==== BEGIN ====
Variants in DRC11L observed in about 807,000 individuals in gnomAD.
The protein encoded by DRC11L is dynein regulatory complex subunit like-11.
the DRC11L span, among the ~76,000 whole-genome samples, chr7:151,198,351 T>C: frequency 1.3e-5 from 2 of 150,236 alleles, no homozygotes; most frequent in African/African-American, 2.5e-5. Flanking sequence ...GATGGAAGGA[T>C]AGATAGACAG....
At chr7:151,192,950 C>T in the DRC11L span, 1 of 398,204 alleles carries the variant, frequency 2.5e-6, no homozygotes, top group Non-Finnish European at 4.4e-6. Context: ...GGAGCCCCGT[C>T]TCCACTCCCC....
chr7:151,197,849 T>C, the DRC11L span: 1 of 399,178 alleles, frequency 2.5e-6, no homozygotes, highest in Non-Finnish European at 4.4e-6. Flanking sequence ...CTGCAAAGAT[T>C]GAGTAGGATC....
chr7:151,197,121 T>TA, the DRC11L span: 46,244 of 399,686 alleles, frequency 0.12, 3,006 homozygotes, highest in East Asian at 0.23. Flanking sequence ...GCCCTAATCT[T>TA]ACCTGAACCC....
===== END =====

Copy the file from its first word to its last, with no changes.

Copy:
Variants in DRC11L observed in about 807,000 individuals in gnomAD.
The protein encoded by DRC11L is dynein regulatory complex subunit like-11.
the DRC11L span, among the ~76,000 whole-genome samples, chr7:151,198,351 T>C: frequency 1.3e-5 from 2 of 150,236 alleles, no homozygotes; most frequent in African/African-American, 2.5e-5. Flanking sequence ...GATGGAAGGA[T>C]AGATAGACAG....
At chr7:151,192,950 C>T in the DRC11L span, 1 of 398,204 alleles carries the variant, frequency 2.5e-6, no homozygotes, top group Non-Finnish European at 4.4e-6. Context: ...GGAGCCCCGT[C>T]TCCACTCCCC....
chr7:151,197,849 T>C, the DRC11L span: 1 of 399,178 alleles, frequency 2.5e-6, no homozygotes, highest in Non-Finnish European at 4.4e-6. Flanking sequence ...CTGCAAAGAT[T>C]GAGTAGGATC....
chr7:151,197,121 T>TA, the DRC11L span: 46,244 of 399,686 alleles, frequency 0.12, 3,006 homozygotes, highest in East Asian at 0.23. Flanking sequence ...GCCCTAATCT[T>TA]ACCTGAACCC....